Vietnam deports American for distributing pro-democracy pamphlets

[JURIST] The Vietnamese government Saturday deported Nguyen Quoc Quan [advocacy profile], a US citizen sentenced for planning to distribute pro-democracy pamphlets in the communist country. He received a six-month jail term Tuesday, but was credited for time he spent awaiting trial. Quan was one of several arrested in November 2007 for planning to give out literature on behalf of US-based rights group Viet Tan [advocacy website, in Vietnamese]. The Vietnamese government considers Viet Tan and other anti-communist groups [JURIST news archive] to be terrorist organizations, but Viet Tan says it promotes only non-violent political change.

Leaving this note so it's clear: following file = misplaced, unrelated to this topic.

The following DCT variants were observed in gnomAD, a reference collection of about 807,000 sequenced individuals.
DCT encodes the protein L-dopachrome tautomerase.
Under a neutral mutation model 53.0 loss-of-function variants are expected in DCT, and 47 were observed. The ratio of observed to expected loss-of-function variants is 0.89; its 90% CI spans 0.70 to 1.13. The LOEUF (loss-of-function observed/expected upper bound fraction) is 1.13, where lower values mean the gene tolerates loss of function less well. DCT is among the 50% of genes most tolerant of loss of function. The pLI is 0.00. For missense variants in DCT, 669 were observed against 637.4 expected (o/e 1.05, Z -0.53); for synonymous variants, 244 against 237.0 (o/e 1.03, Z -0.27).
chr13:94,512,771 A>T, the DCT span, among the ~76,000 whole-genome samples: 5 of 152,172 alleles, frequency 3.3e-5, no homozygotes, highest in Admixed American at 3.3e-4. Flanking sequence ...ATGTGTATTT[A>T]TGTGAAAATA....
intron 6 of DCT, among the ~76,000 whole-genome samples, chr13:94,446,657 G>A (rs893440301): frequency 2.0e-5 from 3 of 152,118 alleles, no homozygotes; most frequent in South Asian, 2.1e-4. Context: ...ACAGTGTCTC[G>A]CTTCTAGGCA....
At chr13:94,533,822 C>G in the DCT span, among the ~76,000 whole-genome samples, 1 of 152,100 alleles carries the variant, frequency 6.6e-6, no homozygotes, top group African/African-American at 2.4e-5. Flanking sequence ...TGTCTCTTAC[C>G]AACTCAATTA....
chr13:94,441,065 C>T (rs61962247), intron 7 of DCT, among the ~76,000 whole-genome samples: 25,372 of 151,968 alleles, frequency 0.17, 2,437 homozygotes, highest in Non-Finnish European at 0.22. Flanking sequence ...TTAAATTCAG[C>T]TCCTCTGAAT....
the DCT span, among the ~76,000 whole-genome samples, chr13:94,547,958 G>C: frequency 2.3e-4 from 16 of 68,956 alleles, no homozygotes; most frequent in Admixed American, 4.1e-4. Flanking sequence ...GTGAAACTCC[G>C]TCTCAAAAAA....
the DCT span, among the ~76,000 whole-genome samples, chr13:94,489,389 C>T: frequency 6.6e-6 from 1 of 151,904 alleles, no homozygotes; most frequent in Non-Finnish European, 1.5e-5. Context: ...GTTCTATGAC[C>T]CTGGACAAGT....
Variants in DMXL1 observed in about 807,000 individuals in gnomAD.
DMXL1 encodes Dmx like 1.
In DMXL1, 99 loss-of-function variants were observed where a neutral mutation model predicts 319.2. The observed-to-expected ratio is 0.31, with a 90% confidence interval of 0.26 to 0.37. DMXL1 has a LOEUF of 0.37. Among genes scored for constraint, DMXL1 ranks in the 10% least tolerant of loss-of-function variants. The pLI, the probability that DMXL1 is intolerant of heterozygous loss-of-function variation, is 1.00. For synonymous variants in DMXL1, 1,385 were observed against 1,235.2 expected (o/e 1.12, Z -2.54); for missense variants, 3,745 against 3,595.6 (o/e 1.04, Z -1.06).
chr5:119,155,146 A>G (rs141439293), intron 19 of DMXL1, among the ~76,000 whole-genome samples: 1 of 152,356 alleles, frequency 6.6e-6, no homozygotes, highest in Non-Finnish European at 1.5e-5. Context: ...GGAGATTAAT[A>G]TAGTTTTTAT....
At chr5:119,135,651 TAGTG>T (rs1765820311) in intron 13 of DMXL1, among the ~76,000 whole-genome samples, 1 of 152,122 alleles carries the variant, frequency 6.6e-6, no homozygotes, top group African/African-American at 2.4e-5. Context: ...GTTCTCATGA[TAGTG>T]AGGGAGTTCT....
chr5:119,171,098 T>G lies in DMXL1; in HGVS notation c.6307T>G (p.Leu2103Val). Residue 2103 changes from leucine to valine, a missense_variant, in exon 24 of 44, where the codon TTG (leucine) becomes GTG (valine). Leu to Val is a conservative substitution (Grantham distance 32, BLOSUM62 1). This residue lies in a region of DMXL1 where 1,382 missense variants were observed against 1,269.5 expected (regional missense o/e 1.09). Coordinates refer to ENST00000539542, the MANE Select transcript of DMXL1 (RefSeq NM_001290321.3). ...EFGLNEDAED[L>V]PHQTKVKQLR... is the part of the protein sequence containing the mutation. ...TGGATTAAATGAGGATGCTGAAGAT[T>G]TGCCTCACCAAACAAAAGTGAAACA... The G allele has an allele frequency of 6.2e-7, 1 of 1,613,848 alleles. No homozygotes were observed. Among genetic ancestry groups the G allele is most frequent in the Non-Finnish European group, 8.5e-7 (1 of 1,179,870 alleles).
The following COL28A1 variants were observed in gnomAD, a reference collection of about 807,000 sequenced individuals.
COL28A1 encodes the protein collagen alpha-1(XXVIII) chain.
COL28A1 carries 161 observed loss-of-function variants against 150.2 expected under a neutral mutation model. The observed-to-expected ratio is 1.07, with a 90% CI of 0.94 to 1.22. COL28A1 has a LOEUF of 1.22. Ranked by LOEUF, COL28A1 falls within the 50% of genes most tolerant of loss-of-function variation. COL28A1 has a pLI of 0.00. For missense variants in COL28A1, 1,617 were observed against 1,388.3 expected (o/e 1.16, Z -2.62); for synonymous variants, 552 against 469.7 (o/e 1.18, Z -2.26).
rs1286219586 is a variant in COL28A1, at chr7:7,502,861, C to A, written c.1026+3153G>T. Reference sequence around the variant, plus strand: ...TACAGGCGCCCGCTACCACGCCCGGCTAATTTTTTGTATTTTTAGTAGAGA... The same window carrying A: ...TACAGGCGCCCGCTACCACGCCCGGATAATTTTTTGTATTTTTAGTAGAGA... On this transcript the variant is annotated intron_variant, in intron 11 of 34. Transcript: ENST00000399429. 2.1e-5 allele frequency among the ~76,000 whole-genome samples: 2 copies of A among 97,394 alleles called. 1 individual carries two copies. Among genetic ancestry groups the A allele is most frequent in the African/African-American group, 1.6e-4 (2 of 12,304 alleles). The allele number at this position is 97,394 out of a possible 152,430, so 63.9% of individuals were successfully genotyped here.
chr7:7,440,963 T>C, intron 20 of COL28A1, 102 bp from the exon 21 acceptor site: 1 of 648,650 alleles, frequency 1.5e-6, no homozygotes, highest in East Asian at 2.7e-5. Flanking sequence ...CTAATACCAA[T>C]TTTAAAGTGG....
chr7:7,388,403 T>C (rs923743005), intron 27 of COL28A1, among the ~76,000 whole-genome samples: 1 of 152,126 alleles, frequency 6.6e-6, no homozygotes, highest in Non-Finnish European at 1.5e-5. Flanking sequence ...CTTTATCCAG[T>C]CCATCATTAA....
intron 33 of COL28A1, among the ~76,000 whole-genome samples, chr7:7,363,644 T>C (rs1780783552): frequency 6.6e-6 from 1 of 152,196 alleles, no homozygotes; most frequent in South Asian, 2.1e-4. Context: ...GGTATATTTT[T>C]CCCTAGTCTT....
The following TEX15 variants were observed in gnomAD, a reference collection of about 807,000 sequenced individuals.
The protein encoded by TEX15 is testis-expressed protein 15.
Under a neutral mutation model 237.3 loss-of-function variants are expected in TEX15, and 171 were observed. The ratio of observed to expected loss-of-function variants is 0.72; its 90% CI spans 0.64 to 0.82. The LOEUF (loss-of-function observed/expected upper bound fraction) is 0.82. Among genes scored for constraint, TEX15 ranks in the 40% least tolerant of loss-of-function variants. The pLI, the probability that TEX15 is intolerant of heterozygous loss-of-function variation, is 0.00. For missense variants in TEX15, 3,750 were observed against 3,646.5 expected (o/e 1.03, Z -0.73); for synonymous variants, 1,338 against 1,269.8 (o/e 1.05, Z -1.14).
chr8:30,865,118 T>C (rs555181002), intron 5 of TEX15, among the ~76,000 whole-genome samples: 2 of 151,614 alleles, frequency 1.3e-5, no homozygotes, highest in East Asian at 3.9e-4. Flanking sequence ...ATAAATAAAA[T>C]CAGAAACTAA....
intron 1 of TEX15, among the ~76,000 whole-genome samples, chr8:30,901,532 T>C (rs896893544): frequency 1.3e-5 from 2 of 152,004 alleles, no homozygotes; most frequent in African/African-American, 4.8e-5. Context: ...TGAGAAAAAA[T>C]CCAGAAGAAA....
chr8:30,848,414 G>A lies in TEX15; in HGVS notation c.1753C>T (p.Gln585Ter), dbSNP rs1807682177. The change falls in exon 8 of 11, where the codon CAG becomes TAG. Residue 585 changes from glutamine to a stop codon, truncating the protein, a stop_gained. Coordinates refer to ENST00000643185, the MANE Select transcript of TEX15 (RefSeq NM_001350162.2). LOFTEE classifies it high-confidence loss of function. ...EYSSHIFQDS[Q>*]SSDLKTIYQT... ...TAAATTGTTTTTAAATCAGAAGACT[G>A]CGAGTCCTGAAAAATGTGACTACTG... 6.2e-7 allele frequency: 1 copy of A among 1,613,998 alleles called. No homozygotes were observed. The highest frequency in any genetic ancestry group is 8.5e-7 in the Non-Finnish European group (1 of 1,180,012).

The Communist Party of Vietnam [party website] has consistently rejected calls to permit opposition parties, but pro-democracy groups in Vietnam have recently collaborated to press for democratic reforms and improved human rights, with limited success. Last May, two Vietnamese human rights lawyers were sentenced for violating Article 88 of the Vietnamese criminal code [JURIST report] by advocating that Vietnam adopt a multi-party system of government. In 2006, the US and Vietnam ended a three-year suspension of talks [JURIST report] regarding human rights and religious freedoms [HRW backgrounder] in the country, which began when the US canceled the annual Human Rights Dialogue with Vietnam in 2003 due to what it said was a lack of progress on the issues. AP has more.

 

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